Nearly every cruise ship — 110 of 113 currently tracked by the CDC — has opted into the health agency’s voluntary “COVID-19 Program for Cruise Ships” by the February 18 deadline. This means the ships will continue to abide by the CDC’s health requirements, including standards for vaccination, testing, reporting and more.
A Voluntary Program to Replace Past Orders
For months since they returned, cruise lines sailed under the guidance of the CDC’s Conditional Sailing Order (CSO) — a program that outlined the rules and requirements to sail safely during the pandemic. These rules were first put in place in late 2020.
Since then, cruises returned, battled through waves of Delta and Omicron variants, and have largely been successful in keeping those onboard healthy despite the obstacles.
Absolutely cases have been found on ships among both passengers and crew, including a reported 5,000 people during the last half of December as the Omicron variant spread around the world. But the vaccine requirements, testing, masking, and more, also kept cases lower than they would be otherwise.
And with the Omicron wave subsiding, so too have cases on cruise ships according to both cruise executives and the CDC’s color-coded daily reports.
After a brief extension of the Conditional Sailing Order until mid-January, the CDC’s order no longer became a requirement. Since then, cruise lines have continued to follow the protocols already put in place anyway.
Even so, the CDC announced earlier this month that it would have a new “COVID-19 Program for Cruise Ships.” This program again lays out the ground rules for what cruise ships are required to do to sail safely if they plan to “opt-in,” but participation is voluntary.
Despite the program being voluntary to join, cruise lines who inform the CDC they will join are required to follow all recommendations.
Differences Between the Voluntary Program Versus the CSO
While many of the requirements of the new rules mirror what cruise lines have done for months, there were some significant changes.
First was a move to put ships into three different tiers based on vaccination status. This includes:
- Not Highly Vaccinated: These are ships sailing with less than 95% of passengers and crew fully vaccinated.
- Highly Vaccinated: Ships with at least 95% of passengers and crew fully vaccinated, but less than 95% considered “up to date” with their vaccines. “Up to date” means having a booster dose of Pfizer or Moderna if eligible.
- Vaccination Standard of Excellence: This new category encompasses ships that have at least 95% of passengers and crew “up to date” with their COVID vaccines.
Note: A recent change to the program excludes kids under five from the 95% calculation.
Another rule lays out different quarantine guidelines (which have already been revised since the initial program was announced earlier this month). In this case, ships opting into the program have to quarantine close contacts of positive cases either five or ten days, depending on whether or not the person is up to date on shots.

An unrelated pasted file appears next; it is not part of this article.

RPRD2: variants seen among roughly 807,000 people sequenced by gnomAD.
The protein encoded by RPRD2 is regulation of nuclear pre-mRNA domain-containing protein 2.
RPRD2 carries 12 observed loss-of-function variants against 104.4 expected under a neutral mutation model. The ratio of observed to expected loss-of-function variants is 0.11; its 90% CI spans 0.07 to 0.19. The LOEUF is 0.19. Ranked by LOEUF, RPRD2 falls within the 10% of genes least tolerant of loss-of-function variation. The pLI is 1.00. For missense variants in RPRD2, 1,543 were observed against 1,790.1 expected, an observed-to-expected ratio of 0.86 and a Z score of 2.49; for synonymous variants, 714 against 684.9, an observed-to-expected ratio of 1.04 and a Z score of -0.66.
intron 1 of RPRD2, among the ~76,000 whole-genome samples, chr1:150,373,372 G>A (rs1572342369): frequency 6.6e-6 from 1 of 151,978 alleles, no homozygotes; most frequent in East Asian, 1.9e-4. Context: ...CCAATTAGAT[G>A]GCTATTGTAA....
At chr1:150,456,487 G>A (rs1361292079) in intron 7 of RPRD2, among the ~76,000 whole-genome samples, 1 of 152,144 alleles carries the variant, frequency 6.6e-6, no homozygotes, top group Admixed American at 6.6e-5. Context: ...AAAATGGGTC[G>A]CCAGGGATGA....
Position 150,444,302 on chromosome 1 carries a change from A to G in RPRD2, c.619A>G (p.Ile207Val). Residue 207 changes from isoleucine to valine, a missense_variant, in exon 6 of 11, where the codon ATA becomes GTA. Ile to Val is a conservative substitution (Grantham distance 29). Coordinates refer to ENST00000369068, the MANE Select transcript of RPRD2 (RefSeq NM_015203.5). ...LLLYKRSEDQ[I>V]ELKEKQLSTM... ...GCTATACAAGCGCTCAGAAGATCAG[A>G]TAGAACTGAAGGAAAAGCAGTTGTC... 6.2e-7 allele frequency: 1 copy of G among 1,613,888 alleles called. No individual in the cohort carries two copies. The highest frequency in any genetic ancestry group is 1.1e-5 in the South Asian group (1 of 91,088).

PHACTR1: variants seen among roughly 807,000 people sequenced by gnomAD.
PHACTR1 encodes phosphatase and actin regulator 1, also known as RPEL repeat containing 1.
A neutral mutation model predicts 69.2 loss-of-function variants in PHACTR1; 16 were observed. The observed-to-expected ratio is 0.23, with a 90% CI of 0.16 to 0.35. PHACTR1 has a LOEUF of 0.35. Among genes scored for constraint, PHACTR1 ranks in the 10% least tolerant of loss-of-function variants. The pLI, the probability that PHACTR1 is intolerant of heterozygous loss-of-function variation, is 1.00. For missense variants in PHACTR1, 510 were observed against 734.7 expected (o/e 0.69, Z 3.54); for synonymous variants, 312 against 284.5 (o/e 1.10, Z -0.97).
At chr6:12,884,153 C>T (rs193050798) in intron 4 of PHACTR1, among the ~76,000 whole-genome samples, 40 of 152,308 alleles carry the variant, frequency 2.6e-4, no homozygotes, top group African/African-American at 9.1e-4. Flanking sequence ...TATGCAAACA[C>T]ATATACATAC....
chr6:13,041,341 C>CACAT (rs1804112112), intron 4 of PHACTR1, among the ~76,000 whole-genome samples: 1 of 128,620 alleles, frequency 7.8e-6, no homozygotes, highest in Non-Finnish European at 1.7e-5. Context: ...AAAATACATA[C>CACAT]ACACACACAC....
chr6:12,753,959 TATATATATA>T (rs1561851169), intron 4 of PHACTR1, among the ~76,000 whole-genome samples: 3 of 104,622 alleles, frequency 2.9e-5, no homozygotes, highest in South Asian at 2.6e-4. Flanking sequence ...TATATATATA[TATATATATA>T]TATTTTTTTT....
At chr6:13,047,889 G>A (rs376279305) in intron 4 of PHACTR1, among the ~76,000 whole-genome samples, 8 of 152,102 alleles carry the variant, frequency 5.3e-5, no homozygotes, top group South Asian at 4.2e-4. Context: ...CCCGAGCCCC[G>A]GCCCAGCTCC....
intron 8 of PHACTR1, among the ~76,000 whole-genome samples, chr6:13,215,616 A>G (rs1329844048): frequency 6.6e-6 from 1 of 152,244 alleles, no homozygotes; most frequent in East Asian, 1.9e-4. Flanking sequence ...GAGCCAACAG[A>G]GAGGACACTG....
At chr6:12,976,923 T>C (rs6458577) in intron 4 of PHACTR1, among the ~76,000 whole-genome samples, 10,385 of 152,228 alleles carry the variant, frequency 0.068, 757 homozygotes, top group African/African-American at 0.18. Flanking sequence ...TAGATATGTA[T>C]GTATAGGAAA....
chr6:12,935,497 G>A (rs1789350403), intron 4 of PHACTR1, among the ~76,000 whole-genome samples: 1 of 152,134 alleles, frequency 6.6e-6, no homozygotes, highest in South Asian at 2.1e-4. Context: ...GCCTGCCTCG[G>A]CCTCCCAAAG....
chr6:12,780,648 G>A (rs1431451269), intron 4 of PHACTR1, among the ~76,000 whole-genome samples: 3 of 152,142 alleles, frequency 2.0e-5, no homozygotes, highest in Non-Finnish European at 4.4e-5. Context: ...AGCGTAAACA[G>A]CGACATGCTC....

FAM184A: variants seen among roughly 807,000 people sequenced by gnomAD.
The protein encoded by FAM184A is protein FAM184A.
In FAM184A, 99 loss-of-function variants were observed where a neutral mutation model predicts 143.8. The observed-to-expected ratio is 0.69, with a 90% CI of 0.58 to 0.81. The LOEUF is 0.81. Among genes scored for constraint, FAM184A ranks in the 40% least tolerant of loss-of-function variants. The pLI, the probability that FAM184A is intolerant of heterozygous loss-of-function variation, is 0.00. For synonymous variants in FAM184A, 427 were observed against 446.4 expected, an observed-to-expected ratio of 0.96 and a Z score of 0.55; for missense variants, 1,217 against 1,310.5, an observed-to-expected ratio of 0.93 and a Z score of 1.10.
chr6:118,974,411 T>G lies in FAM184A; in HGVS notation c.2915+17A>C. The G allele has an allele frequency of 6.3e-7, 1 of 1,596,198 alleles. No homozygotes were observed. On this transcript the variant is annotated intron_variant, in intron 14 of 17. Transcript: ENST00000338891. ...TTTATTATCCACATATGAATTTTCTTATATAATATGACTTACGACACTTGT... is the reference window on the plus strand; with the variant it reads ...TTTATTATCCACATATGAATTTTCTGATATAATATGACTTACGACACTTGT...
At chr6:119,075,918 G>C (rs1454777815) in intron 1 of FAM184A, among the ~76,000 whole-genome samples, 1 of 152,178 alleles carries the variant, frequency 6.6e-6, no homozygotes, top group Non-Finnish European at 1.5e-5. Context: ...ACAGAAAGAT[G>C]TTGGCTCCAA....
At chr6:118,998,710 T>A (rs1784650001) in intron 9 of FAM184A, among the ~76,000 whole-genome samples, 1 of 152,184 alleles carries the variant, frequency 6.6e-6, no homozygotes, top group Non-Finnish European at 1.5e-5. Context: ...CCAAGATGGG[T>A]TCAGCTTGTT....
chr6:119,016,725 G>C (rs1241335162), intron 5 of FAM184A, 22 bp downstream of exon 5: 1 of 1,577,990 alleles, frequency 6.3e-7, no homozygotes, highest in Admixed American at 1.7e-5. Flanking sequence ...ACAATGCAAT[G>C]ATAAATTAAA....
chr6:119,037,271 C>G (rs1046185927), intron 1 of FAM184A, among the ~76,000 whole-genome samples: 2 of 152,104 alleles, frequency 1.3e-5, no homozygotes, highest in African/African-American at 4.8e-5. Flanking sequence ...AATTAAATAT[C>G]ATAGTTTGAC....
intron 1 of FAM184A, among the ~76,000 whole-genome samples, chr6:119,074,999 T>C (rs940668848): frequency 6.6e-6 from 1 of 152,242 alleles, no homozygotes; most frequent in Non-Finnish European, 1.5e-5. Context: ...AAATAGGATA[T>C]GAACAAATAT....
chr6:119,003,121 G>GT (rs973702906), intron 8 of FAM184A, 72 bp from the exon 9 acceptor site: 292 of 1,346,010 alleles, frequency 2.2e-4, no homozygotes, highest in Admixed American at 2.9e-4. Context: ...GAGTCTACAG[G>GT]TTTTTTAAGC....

Those who are current on their vaccine — meaning they’ve had their booster shot if eligible — have more relaxed quarantine rules if they are a close contact, assuming they are asymptomatic.
After a Slow Start, The Vast Majority of Ships Opt In
Leading up to the February 18 deadline, few ships opted in. Only those cruise lines operated by Norwegian Cruise Line Holdings Ltd. — encompassing about 20 vessels — said they would sail under the new orders. At the last minute, however, nearly every ship opted to participate.
As of the latest update on the CDC’s dashboard, 110 ships across more than a dozen cruise lines are officially opted-in to the program. This includes major names like Carnival, Royal Caribbean, Norwegian Cruise Line, Disney, and more.
A full list of cruise lines that opted in is below:
- Bahamas Paradise Cruise Line
- Carnival Cruise Line
- Holland America
- Princess Cruises
- Disney Cruise Line
- MSC Cruises
- Norwegian Cruise Line
- Oceania Cruises
- Regent Seven Seas
- Celebrity Cruises
- Royal Caribbean
- Silversea Cruises
- Viking Cruises
- Virgin Voyages
In fact, only three ships from two cruise lines did not opt-in by the deadline put forth by the CDC. This includes two ships from Crystal Cruises, which paused sailing until at least April following issues with its parent company. It also includes the SeaDream II from SeaDream Yacht Club.
However, for the vast majority of ships that sail, they will continue to participate under the CDC’s health program.
Will Passengers See a Change?
So will anything be different for passengers? For the most part, we see little change that passengers will see day-to-day. Cruise lines have implemented protocols for testing, vaccinations, and more since they returned to sailing. Those likely aren’t going anywhere for now.
That said, we have already seen some smaller changes happening both before cruise lines opted in and since.
For instance, masking rules on cruise ships are being quickly eased across multiple lines as cases of Omicron drop. And with the recent rule change that kids under five years old are no longer counted in the calculation for 95% vaccination rates, Carnival now allows them to sail without having to be granted an exemption.
But for passengers concerned about health on a cruise, this massive push to join the voluntary program enforces a standard of health protocols that should put them more at ease.